By Catherine Thorbecke, ABC News
FICO announced Monday it was launching the pilot version of its new Resilience Index, a tool designed to complement the standard FICO credit score and give lenders an idea of consumers’ resilience during an unexpected economic disruption.
“Lenders and investors need to be able to evaluate and manage portfolios based on rapidly changing conditions, to further safety and soundness in credit as well as support the global economy,” Sally Taylor, the vice president and general manager at FICO Scores, said in a statement announcing the new index.
“Consumers benefit when lenders have the tools to identify resilient borrowers, enabling lenders to price their products more competitively and to responsibly provide greater access to credit than they would otherwise be able to do,” Taylor said.
The measurement “provides an additional layer of insight to help more accurately capture the resilience of a consumer and empower lenders to provide access to credit during difficult economic times,” Taylor added in a blog post Monday explaining the new tool.
The index ranks consumers on a scale from 1 to 99, and “consumers with scores in the 1 to 44 range are viewed as the most prepared and able to weather an economic shift,” Taylor explained.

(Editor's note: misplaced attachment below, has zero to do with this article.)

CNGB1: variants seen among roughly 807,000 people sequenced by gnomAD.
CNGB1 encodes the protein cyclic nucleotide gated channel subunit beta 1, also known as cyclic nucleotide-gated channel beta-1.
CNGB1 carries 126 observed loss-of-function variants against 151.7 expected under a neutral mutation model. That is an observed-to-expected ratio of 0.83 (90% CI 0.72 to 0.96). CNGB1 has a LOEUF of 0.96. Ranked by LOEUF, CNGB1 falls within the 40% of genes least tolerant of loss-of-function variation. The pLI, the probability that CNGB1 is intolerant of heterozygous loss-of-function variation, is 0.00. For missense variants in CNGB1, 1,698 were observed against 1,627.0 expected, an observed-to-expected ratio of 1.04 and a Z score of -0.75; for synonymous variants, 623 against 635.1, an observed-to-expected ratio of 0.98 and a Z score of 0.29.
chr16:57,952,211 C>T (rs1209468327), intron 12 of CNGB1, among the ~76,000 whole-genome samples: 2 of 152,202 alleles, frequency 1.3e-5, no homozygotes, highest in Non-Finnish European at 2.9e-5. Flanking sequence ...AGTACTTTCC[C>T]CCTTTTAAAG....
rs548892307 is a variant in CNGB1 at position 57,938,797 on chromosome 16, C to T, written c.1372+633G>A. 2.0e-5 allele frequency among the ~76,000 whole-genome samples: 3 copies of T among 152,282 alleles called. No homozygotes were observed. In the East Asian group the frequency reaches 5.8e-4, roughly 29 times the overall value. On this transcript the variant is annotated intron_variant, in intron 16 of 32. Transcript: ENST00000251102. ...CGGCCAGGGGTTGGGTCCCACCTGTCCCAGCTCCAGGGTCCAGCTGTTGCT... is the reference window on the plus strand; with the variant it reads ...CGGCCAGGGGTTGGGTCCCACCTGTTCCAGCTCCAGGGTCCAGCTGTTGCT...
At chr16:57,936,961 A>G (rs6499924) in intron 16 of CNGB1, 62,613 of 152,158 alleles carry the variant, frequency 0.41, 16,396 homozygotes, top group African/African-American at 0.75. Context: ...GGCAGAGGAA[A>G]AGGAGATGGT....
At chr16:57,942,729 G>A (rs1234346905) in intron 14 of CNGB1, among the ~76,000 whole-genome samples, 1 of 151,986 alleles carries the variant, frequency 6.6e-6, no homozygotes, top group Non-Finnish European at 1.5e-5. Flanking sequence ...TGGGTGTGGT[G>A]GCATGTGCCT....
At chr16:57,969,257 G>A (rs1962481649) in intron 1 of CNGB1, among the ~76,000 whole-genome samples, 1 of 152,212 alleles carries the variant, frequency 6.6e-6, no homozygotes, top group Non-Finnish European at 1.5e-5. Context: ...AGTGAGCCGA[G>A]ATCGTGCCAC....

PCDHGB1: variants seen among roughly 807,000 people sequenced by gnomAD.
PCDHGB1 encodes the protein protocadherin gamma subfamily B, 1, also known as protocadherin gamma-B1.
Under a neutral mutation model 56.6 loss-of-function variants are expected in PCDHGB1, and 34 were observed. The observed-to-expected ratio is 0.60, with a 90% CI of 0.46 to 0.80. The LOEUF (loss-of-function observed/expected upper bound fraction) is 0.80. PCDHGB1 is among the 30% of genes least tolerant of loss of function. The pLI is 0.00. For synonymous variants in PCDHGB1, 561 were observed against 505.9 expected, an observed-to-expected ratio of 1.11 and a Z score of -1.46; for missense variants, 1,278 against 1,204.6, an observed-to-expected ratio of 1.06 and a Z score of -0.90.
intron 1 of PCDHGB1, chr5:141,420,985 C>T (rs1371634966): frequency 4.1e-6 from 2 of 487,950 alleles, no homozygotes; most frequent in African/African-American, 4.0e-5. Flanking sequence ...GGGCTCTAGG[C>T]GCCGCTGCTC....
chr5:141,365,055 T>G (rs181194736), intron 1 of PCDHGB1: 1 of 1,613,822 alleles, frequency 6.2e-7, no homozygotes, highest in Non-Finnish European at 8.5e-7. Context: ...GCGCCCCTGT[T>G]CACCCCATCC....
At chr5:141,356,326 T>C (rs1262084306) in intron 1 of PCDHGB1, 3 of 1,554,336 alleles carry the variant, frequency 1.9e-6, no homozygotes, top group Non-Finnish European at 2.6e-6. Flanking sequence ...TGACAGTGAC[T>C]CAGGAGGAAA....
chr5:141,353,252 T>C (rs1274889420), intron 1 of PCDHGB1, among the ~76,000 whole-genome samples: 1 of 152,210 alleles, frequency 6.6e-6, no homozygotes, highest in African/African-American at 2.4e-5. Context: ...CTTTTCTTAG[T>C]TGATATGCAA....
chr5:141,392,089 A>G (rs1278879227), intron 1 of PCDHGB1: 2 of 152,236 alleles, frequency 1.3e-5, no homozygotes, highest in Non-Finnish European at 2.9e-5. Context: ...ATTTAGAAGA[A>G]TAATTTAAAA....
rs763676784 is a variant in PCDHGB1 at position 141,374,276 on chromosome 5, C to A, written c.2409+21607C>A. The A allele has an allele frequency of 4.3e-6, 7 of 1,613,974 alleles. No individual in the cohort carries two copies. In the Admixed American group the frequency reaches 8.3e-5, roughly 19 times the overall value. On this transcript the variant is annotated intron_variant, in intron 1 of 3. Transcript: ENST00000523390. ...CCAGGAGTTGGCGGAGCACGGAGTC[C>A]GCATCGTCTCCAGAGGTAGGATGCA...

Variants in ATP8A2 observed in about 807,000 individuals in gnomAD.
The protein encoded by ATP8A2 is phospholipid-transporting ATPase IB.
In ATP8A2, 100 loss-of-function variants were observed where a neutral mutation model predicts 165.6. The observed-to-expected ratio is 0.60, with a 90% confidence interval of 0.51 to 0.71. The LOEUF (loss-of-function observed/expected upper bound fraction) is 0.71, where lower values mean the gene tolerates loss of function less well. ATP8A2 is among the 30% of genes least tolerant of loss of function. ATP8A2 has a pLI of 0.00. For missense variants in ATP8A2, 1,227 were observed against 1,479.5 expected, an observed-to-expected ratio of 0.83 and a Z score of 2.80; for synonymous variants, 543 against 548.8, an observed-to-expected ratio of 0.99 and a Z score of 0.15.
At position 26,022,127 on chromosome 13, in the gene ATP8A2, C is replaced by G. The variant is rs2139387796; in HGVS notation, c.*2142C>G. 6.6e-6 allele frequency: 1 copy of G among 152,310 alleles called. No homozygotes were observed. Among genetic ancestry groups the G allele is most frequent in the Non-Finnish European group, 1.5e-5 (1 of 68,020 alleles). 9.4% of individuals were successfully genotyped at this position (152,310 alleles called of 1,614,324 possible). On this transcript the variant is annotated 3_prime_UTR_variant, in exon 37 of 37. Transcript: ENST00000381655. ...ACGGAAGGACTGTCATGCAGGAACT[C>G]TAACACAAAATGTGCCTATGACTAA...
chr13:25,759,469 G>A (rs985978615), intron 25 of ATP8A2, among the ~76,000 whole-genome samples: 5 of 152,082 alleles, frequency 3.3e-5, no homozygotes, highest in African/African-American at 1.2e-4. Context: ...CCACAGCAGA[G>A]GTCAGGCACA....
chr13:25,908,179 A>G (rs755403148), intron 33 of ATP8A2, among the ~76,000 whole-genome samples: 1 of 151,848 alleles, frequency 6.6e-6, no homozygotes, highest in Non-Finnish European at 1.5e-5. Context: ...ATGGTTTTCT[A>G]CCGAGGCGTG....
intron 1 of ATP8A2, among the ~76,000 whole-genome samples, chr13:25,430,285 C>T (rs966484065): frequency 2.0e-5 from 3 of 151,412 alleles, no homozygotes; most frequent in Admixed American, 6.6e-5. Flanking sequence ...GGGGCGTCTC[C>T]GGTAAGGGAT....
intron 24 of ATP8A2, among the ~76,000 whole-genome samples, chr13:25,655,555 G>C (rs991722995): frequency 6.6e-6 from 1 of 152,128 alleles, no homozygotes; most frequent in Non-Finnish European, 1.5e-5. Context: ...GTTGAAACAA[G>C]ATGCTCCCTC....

While lenders often respond to economic uncertainty by raising credit score cut-off qualifications, the FICO Resilience Index can be used as an additional tool for lenders to help identify those who may be more resilient to economic stress. The score was created in part after FICO’s analysis of more than 70 million consumer credit files during the Great Recession, FICO said in a statement.
Tom Parrent of the financial services analytics company Quantilytic argued that the FICO Resilience Index could have originated almost 600,000 additional mortgages from 2010 to 2015 for consumers with FICO scores ranging from 680 to 699 if the FICO Resilience Index was available to lenders at the time.
Higher-resilient consumers tend to have more experience managing credit, fewer active accounts, fewer credit inquiries in the last year as well as lower total revolving balances, according to Taylor.
Teds Rossman, an industry analyst for CreditCards.com, said the index “switches up the normal FICO formula a bit.”
While paying bills on time is usually the No. 1 factor for determining a traditional FICO score, “the Resilience Index focuses more on keeping your credit utilization low, avoiding too many accounts and maintaining a long credit history,” Rossman added.
“These aren’t drastic changes, but they will be used as tiebreakers of sorts. They could tip the scales if you’re on the border of getting approved or not,” he added. “And credit card companies could use the Resilience Index to determine credit line increases and decreases.”
Rossman noted that the additional data from a FICO Resilience Index is especially useful at a time when lenders “are very nervous about risk.”
For consumers, the main step to boosting your FICO Resilience Index — which can also help your regular FICO score — is lowering your credit utilization.
Rossman recommended making “an extra mid-month payment” if you can for your credit cards to lower utilization before the statement is generated, noting that it’s “possible to have a high utilization ratio even if you pay your bills in full.”
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